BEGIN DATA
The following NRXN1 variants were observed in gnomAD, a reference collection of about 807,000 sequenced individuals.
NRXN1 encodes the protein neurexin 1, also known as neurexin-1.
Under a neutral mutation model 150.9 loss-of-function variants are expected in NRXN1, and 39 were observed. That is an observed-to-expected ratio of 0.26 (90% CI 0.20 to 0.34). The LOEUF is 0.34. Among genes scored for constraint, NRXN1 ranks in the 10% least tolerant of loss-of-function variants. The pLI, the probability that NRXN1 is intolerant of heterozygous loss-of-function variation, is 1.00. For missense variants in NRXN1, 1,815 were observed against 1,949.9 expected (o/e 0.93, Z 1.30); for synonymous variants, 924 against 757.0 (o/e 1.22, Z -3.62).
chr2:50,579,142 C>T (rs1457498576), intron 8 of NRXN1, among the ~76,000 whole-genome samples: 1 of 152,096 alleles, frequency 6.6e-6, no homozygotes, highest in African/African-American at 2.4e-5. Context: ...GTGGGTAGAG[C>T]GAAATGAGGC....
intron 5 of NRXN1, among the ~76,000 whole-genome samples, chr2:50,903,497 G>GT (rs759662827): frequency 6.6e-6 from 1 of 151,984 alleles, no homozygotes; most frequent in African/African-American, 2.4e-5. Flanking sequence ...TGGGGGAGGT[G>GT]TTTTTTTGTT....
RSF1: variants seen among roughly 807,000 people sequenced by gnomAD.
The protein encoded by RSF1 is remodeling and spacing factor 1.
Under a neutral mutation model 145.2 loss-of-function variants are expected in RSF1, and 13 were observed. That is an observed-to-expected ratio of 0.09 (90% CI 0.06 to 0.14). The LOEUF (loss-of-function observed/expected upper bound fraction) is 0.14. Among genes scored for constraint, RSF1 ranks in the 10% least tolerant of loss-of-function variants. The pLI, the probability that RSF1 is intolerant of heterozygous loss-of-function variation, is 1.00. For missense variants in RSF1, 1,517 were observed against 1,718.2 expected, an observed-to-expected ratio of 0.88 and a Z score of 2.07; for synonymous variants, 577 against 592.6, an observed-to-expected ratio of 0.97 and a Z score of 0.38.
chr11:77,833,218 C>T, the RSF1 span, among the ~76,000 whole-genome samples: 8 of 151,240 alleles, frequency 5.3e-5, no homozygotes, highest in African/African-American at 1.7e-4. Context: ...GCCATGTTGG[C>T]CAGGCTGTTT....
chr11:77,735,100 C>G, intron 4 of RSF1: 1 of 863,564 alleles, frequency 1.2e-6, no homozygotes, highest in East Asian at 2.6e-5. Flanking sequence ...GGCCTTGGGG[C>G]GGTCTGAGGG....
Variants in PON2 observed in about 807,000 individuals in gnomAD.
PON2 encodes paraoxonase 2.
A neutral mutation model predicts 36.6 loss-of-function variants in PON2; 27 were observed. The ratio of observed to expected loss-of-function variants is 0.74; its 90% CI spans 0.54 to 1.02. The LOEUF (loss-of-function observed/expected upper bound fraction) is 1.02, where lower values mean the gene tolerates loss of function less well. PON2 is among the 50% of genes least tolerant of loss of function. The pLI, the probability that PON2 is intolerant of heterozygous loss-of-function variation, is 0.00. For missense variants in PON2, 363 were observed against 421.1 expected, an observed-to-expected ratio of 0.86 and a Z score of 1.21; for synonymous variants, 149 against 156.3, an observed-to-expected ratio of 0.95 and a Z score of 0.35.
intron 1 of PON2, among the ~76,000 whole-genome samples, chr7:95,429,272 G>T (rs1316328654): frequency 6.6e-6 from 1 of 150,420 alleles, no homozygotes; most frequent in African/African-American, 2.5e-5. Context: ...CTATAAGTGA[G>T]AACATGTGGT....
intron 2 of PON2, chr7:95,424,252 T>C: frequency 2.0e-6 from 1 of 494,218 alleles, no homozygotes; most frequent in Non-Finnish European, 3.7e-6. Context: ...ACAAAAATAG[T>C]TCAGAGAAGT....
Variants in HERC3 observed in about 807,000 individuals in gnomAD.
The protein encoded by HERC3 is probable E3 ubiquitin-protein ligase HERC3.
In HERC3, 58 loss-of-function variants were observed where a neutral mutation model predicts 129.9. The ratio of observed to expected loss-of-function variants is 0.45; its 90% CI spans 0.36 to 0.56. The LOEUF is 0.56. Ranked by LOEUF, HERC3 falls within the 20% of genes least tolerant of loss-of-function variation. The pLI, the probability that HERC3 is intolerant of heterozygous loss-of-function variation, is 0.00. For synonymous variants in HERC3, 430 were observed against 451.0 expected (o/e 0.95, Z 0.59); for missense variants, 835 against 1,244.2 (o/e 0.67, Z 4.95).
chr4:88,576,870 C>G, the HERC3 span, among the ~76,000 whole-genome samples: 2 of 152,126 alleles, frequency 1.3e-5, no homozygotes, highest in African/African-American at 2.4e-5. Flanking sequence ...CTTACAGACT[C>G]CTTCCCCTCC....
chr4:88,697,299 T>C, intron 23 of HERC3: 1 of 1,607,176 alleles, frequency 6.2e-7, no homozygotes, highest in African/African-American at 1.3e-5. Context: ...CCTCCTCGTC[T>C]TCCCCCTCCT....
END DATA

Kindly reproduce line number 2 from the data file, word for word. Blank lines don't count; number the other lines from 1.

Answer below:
NRXN1 encodes the protein neurexin 1, also known as neurexin-1.